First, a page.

Banned user membership on lists of Wikimedians/sl

This page is a translated version of the page Banned user membership on lists of Wikimedians and the translation is 4% complete.
(slovenščina) This is an essay. It expresses the opinions and ideas of some Wikimedians but may not have wide support. This is not policy on Meta, but it may be a policy or guideline on other Wikimedia projects. Feel free to update this page as needed, or use the discussion page to propose major changes.

Various lists of Wikimedians grow organically: organizing pages for new projects, lists of Wikimedians available for outreach, and others. But when community members with strained backgrounds in other Wikimedia projects are involved (for instance, banned users), there can be negative consequences: other Wikimedians may choose to stay away, and potential partners may get mixed or muddled messages about Wikimedia. In a project that prides itself on openness, transparency, and inclusion, excluding somebody from a list can be a difficult step; but it is sometimes necessary in order to pursue the Wikimedia mission effectively. This essay outlines an optional process that could help when decisions need to be made about who may list him or herself on a page. It also has some comments about how to avoid the issue from the outset.

Sample scenario

This essay is meant to address a scenario like this.

Alice was an enthusiastic Wikinews reporter, but her enthusiasm went too far. Controversy over a series of articles she wrote led to her Wikinews account being blocked a couple of times; during the blocks, she was later found to have used sock puppet accounts to continue editing, and to have acted inappropriately toward several colleagues; ultimately, she was banned for a year from Wikinews. Alice's passion for the Wikimedia project was undiminished, and she shifted her attention to other wikis. Among other things, she put her name on a list of Wikimedians willing to help government officials who want to work with Wikimedia, and she began working on a Wikimania bid for her hometown, Springfield.

Problem #1: Government Official Bob, intrigued by the concept of a newspaper "anyone can edit", picks Alice's name off the list as someone to speak to about Wikinews. Alice speaks to Bob and his colleagues, focusing heavily on the issues surrounding her ban. Bob decides that Wikinews is of no use for his purposes and does not pursue the outreach effort any farther.

Problem #2: A chapter in formation on Neptune is in negotiation with local government officials to launch a partnership. The Neptune officials notice Alice's name on the list, and that she is banned from Wikinews. They do not drop negotiations completely, but their perception of Wikimedia's internal coherence suffers, and negotiations slow to a crawl.

Problem #3: Clara (an attorney) and David (a graphic designer) are natives of Springfield, and are longtime Wikipedians with history of disputes. They notice the Springfield bid, but they decide that it would be a bad career move for them to be publicly associated with Alice in a formal position. Although Alice has done nothing wrong in connection with the bid, her unresolved issues with Wikinews loom as a potential threat to the event, or to the reputation of anyone publicly affiliated with the event. Seeing no process for contesting Alice's inclusion, Bob and Clara decide not to join the bid, and move on to other projects. The Springfield bid is ultimately unsuccessful.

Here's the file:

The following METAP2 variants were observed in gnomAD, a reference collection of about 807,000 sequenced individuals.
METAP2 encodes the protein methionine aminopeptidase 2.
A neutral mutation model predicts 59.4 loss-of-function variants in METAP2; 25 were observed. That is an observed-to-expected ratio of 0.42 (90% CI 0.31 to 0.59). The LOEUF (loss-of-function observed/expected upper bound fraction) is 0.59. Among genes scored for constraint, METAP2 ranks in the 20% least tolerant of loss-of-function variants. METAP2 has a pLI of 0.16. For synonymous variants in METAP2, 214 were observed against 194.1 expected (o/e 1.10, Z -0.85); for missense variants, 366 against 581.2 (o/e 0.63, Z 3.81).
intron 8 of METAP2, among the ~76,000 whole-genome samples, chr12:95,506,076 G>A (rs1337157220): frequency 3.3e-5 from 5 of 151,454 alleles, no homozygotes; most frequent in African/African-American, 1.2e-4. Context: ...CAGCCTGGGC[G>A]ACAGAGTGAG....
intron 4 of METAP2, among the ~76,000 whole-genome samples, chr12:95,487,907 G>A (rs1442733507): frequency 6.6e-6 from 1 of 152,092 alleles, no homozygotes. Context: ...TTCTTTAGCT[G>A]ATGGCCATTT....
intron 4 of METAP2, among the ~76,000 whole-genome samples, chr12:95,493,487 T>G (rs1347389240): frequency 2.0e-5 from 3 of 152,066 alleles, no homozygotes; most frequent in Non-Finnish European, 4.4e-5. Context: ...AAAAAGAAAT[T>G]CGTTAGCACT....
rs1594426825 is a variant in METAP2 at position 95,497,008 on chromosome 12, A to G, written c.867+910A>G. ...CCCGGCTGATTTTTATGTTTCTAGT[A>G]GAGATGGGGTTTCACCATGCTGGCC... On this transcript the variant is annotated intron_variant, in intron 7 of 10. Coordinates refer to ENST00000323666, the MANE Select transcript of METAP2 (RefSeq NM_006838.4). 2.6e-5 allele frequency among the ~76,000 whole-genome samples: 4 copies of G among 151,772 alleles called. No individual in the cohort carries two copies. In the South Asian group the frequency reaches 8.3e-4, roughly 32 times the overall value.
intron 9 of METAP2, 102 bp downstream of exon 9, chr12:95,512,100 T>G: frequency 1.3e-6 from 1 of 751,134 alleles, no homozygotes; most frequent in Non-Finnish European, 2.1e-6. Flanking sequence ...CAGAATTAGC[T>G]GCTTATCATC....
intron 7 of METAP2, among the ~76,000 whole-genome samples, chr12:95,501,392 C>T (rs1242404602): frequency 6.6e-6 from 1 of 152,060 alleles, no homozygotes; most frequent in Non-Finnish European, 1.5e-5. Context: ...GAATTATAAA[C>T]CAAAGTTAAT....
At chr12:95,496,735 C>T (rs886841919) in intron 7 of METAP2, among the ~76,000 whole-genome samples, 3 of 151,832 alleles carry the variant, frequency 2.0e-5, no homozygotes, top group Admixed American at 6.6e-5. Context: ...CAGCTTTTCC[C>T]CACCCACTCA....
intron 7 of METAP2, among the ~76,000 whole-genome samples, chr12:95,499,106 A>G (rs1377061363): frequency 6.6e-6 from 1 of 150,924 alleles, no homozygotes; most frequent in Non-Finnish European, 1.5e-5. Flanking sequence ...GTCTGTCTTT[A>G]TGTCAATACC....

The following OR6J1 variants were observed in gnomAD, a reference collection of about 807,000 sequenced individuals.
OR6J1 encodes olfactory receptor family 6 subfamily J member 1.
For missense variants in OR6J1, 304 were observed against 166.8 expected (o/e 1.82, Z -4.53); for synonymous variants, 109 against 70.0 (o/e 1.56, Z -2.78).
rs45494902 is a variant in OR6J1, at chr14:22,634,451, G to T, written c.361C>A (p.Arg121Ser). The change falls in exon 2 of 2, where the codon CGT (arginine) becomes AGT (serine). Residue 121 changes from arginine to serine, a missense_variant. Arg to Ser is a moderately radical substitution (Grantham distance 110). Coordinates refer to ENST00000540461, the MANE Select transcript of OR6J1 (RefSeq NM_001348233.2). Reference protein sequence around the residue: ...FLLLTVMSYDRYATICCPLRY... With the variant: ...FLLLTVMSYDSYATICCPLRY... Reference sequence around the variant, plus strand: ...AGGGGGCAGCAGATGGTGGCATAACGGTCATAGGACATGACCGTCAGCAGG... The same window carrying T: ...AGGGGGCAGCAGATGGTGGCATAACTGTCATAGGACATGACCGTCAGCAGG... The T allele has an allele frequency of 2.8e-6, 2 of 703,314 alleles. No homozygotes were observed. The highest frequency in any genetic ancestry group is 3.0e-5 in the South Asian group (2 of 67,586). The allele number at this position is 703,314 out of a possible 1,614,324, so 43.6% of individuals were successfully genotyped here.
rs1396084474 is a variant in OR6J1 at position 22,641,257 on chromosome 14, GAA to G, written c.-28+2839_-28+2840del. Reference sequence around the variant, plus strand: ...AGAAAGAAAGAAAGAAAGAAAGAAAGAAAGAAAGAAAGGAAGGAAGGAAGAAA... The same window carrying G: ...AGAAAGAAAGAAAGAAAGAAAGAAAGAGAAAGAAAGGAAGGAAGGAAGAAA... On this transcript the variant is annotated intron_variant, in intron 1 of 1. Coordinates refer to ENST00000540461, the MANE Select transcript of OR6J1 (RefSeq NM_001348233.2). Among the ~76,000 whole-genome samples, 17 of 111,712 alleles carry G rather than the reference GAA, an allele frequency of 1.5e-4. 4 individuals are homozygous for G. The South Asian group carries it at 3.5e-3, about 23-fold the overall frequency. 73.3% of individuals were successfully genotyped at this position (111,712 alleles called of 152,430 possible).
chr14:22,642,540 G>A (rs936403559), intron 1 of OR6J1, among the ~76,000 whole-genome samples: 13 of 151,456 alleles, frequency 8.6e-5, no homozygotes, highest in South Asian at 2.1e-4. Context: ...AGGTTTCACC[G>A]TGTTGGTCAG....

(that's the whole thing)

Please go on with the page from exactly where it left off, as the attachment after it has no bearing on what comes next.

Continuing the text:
Among the pages on various Wikimedia projects are many which provide lists of Wikimedians. These pages have a wide variety of purposes: some represent Wikimedians in a formal position of trust;[1][2] others reflect shared interest in starting a project of some kind; others reflect Wikimedians interested in various kinds of public outreach; still others reflect votes on proposals.

Some of these pages lack clear standards for inclusion. A user can add his or her own name, but if there is disagreement about whether a name should be included, there is no clear set of criteria, or established process, for resolving the disagreement. Examples include: public speakers; List of WikiWomen; Essentialpedia; Requests for comment/Shut down Wikiversity. This lack of formal inclusion standards is common and appropriate on a wiki; it is a natural outcome of our shared commitment to “being bold” and assuming good faith.

On occasion, however, problems arise from allowing anyone in the world to add his or her name to a list. Some Wikimedians adding themselves have been sanctioned for sustained problematic behavior on Wikimedia projects. Users included in a list may appear to an uninformed reader to have an official position, or at least the tacit approval of his or her peers. It is not uncommon for banned users to include themselves on such lists, with the consequence (intended or otherwise) of appearing to have the support of the Wikimedia community. New Wikimedians, potential partners in the GLAM sector or elsewhere, and other sensitive audiences may look at such pages and be discouraged to find banned users there; and other users may be dissuaded from entering their own names, out of concern for being publicly linked with the banned user.[3]